Since I wake up this morning around 8:30AM, I miss the crowds of early birds who want to catch the first tenders ashore. I pick up a cappuccino at the Explorations Café and have a leisurely breakfast in the Lido before going back to my cabin to get ready to go ashore, packing snorkel gear and changing into a swimsuit and beach wear. The tender I take ashore around 10AM is only half full.

This part of the island is dedicated to giving Holland America’s cruise ship passengers an enjoyable day at the beach. They certainly succeed at this, providing everything any cruise ship passenger might want: a wonderful long curving sandy beach; clear, warm and shallow water to swim in; a place to snorkel and see some fish; shopping; personal services such as massage and spa treatments; sports services such as horseback riding in the surf, parasailing, small boat sailing, walking tours; and of course a BBQ lunch. I expected the beach to be crowded, but everyone spreads out so it turns out to be a very relaxing experience.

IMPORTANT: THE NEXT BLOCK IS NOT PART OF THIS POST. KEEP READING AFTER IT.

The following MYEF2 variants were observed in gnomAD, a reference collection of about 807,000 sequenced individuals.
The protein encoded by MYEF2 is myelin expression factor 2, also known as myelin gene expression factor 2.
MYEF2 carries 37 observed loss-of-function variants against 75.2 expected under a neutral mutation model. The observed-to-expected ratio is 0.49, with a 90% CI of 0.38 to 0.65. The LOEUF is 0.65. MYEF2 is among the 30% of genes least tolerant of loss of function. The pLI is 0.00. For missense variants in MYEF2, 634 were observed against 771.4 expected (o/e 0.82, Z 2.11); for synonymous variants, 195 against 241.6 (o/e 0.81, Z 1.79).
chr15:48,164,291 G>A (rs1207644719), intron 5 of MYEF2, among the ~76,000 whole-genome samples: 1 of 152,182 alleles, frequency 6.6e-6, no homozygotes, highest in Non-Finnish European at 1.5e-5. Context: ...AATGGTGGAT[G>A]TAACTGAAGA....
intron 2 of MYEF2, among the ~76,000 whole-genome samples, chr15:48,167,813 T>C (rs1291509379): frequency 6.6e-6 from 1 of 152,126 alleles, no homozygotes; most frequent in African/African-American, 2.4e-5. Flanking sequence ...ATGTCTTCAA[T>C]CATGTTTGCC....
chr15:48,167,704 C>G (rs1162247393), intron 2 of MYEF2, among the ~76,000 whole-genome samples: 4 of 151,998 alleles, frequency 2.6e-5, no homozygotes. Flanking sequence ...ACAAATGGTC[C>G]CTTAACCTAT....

I have a clamshell reserved, which is a small half tent to provide some shade from the tropical sun, including two lounge chairs. I take my snorkel gear and wade into the warm water, not expecting to see much since there are lots of people in the water, however I’m pleasantly surprised. There are several varieties of fish swimming around, and I even spot two Barracuda and manage to take a picture and a video of them! The BBQ lunch was good, and afterwards I return to the clamshell for another hour before deciding to return to the ship.